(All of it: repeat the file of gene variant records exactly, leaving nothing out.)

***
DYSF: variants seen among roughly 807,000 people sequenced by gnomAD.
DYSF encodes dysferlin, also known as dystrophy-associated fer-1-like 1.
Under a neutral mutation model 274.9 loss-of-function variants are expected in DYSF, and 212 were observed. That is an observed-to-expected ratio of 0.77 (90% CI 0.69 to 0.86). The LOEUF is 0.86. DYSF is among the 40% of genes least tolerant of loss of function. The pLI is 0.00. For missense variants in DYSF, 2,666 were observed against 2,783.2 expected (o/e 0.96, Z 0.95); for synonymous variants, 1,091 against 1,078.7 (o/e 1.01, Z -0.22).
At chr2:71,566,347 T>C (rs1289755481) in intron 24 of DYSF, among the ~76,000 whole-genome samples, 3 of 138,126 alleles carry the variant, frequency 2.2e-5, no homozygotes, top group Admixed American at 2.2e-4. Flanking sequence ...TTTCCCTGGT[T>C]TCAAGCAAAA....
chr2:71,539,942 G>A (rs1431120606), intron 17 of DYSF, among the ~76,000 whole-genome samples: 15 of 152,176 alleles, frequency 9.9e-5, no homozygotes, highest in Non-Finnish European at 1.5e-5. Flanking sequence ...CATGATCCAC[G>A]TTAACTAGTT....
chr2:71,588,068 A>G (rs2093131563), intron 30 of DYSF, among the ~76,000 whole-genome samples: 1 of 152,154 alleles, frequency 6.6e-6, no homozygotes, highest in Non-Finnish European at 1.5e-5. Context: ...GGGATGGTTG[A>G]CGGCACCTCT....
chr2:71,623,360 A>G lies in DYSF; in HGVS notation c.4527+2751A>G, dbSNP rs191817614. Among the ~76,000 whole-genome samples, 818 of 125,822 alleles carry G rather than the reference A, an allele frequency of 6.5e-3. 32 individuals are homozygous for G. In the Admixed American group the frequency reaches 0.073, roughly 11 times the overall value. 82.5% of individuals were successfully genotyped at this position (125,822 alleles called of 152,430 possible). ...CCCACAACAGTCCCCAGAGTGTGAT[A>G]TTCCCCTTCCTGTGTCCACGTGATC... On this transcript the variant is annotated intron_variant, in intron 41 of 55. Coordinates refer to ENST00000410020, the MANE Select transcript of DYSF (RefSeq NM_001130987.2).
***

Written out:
DYSF: variants seen among roughly 807,000 people sequenced by gnomAD.
DYSF encodes dysferlin, also known as dystrophy-associated fer-1-like 1.
Under a neutral mutation model 274.9 loss-of-function variants are expected in DYSF, and 212 were observed. That is an observed-to-expected ratio of 0.77 (90% CI 0.69 to 0.86). The LOEUF is 0.86. DYSF is among the 40% of genes least tolerant of loss of function. The pLI is 0.00. For missense variants in DYSF, 2,666 were observed against 2,783.2 expected (o/e 0.96, Z 0.95); for synonymous variants, 1,091 against 1,078.7 (o/e 1.01, Z -0.22).
At chr2:71,566,347 T>C (rs1289755481) in intron 24 of DYSF, among the ~76,000 whole-genome samples, 3 of 138,126 alleles carry the variant, frequency 2.2e-5, no homozygotes, top group Admixed American at 2.2e-4. Flanking sequence ...TTTCCCTGGT[T>C]TCAAGCAAAA....
chr2:71,539,942 G>A (rs1431120606), intron 17 of DYSF, among the ~76,000 whole-genome samples: 15 of 152,176 alleles, frequency 9.9e-5, no homozygotes, highest in Non-Finnish European at 1.5e-5. Flanking sequence ...CATGATCCAC[G>A]TTAACTAGTT....
chr2:71,588,068 A>G (rs2093131563), intron 30 of DYSF, among the ~76,000 whole-genome samples: 1 of 152,154 alleles, frequency 6.6e-6, no homozygotes, highest in Non-Finnish European at 1.5e-5. Context: ...GGGATGGTTG[A>G]CGGCACCTCT....
chr2:71,623,360 A>G lies in DYSF; in HGVS notation c.4527+2751A>G, dbSNP rs191817614. Among the ~76,000 whole-genome samples, 818 of 125,822 alleles carry G rather than the reference A, an allele frequency of 6.5e-3. 32 individuals are homozygous for G. In the Admixed American group the frequency reaches 0.073, roughly 11 times the overall value. 82.5% of individuals were successfully genotyped at this position (125,822 alleles called of 152,430 possible). ...CCCACAACAGTCCCCAGAGTGTGAT[A>G]TTCCCCTTCCTGTGTCCACGTGATC... On this transcript the variant is annotated intron_variant, in intron 41 of 55. Coordinates refer to ENST00000410020, the MANE Select transcript of DYSF (RefSeq NM_001130987.2).